Apple Needs to Play Catch-up with Security

Sue Marquette Poremba

I have a confession to make. I have long rolled my eyes whenever one of my friends or colleagues would hop up on their soap box to sing the praises of their safe and secure Mac, all while bragging that they never had to worry about a virus or deal with downloading any software to protect their computer. Maybe I'm cynical or maybe I'm paranoid or maybe I'm just a pessimist, but I think having blind faith in your OS or the company is just setting yourself up for a fall.


The Flashback Trojan now has put Mac security in the spotlight, and it isn't a good spotlight. It appears that all those years of "not having to worry about security" has caught up with Apple and, by default, Mac users.


First there is the news from the Sophos Naked Security blog. Graham Cluley wrote that one in five Mac computers harbor Windows malware. Cluley wrote:


A 100,000 strong snapshot of the millions of Mac computers which have recently downloaded Sophos's free Mac anti-virus software, revealed that 20% of Mac computers were carrying one or more instances of Windows malware.


This malware won't cause symptoms to show up on the Mac unless you also run Windows, but the malware can be spread to other computers.


Even worse, he went on to say, is that one in 36 of those Mac computers with the free AV download were found to be infected with Mac OS X malware.


Then there is the news from Eugene Kaspersky, CEO of Kaspersky Lab. He made headlines this past week when he said that Mac security is a decade behind Windows security. CNET quoted Kaspersky:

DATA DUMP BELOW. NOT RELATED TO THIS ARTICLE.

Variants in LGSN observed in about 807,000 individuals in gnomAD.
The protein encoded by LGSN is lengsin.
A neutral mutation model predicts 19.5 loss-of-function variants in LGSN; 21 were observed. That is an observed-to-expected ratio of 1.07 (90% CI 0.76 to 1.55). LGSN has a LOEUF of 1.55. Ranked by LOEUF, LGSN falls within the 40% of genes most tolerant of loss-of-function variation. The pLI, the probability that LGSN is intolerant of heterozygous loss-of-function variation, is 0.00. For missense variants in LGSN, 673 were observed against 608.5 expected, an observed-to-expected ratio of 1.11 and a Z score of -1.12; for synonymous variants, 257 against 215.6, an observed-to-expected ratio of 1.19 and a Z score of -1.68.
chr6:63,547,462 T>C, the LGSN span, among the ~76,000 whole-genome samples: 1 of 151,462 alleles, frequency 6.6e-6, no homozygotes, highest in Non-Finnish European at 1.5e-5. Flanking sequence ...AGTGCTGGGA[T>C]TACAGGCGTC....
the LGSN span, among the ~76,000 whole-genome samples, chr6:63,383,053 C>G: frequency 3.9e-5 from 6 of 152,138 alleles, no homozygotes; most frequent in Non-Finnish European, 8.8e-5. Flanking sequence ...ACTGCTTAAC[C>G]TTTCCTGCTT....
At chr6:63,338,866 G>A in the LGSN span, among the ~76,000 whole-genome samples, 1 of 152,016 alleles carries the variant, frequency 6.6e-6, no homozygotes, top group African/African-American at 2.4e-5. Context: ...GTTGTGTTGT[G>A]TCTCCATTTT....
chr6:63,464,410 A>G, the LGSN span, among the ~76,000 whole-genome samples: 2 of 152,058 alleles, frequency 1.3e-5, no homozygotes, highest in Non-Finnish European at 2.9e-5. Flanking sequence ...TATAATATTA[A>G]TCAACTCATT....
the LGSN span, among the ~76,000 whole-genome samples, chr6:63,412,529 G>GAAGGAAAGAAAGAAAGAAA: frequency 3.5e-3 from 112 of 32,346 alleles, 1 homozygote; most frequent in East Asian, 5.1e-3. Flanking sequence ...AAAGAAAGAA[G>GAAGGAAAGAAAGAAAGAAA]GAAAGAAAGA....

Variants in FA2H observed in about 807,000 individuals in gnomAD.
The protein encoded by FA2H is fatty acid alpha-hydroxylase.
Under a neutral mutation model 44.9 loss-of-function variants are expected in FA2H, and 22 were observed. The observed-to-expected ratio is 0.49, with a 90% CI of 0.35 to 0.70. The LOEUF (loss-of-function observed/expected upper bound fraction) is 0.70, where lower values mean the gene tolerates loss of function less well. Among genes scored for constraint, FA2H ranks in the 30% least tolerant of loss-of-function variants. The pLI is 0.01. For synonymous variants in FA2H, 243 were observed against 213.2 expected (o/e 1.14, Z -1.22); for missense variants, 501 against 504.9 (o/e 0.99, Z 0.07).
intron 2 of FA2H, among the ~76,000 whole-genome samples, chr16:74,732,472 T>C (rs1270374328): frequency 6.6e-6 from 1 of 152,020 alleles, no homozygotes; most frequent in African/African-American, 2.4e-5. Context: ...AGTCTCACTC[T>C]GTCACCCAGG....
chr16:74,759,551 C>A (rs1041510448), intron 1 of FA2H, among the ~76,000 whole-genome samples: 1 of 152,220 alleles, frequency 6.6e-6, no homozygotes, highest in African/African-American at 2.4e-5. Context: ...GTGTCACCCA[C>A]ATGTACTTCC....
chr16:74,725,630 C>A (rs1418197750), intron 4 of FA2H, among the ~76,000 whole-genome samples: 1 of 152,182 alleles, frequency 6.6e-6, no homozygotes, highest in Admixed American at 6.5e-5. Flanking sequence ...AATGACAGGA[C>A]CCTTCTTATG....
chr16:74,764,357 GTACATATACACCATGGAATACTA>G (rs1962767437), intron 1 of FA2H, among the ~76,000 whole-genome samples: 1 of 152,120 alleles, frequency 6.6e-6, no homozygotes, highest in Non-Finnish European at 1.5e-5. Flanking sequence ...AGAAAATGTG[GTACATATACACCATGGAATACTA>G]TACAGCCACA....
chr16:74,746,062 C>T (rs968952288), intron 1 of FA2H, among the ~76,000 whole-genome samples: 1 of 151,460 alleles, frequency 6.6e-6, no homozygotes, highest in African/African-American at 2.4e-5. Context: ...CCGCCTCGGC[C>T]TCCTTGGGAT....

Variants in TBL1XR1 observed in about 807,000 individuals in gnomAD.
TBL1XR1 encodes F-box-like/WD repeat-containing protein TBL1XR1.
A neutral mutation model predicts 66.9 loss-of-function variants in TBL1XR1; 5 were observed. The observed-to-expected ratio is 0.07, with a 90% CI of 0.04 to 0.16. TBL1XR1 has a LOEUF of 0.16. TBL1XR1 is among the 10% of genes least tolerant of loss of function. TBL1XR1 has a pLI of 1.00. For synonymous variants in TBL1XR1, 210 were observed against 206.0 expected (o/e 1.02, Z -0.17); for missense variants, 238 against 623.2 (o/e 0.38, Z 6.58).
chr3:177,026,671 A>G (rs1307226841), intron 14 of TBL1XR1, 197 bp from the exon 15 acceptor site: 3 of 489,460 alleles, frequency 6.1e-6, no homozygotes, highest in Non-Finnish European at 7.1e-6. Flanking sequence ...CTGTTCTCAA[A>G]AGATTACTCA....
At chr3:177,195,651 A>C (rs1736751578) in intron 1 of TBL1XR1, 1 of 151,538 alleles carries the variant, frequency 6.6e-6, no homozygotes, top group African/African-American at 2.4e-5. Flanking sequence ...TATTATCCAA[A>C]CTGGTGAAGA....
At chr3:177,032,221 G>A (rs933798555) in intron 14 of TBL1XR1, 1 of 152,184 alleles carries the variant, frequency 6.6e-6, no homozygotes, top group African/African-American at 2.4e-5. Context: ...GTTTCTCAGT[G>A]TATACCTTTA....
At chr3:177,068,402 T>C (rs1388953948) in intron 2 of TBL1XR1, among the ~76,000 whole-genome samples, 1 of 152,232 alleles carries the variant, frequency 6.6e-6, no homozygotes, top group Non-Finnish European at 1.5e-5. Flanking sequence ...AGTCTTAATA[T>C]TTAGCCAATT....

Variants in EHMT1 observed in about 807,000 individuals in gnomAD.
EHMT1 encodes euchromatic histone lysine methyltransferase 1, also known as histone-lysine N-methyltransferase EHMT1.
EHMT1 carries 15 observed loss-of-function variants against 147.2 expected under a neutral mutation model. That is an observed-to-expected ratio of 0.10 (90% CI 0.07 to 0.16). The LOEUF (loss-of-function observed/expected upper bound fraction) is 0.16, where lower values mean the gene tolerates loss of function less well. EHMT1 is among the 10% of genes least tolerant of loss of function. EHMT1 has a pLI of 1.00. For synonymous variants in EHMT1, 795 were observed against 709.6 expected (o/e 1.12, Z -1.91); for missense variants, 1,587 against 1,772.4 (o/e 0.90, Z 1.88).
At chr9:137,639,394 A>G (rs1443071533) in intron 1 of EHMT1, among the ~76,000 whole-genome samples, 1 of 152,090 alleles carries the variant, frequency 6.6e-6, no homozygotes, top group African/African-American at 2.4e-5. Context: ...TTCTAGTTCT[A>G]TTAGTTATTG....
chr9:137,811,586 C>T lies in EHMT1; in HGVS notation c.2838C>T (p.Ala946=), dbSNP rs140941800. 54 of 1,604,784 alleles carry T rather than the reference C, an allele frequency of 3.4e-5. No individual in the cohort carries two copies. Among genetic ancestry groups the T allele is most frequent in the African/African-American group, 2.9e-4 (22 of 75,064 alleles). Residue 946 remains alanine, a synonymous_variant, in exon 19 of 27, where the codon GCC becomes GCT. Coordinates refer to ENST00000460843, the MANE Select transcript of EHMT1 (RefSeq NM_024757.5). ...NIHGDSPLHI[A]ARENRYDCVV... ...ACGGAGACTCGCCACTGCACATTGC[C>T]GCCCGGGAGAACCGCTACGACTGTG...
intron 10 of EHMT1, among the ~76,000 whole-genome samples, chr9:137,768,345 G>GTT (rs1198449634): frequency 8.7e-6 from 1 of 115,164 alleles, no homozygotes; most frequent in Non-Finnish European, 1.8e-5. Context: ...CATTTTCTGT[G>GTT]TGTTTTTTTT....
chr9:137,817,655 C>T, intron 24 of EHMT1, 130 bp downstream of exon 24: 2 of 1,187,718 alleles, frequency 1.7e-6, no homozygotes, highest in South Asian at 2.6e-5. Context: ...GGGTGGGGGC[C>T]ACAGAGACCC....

"They will understand very soon that they have the same problems Microsoft had 10 or 12 years ago," Kaspersky said in an interview. "They will have to make changes in terms of the cycle of updates and so on and will be forced to invest more into their security audits for the software."


Kaspersky went on to say that cybercriminals have caught up to the Apple phenomena and find it an "interesting area."


It was bound to happen. Security experts have been saying it for some time now, that Apple software wasn't a target because the vast majority of computer users favored Windows. But now the Apple OS is everywhere. It has moved into the workspace beyond publications and graphic design departments. All of those kids who had to use Mac machines in school have grown up and are used to using Mac OS for everything. Cybercriminals have figured that out.


Now we get to see how Apple responds to its welcome into the world that Windows has long known, the world of malware.

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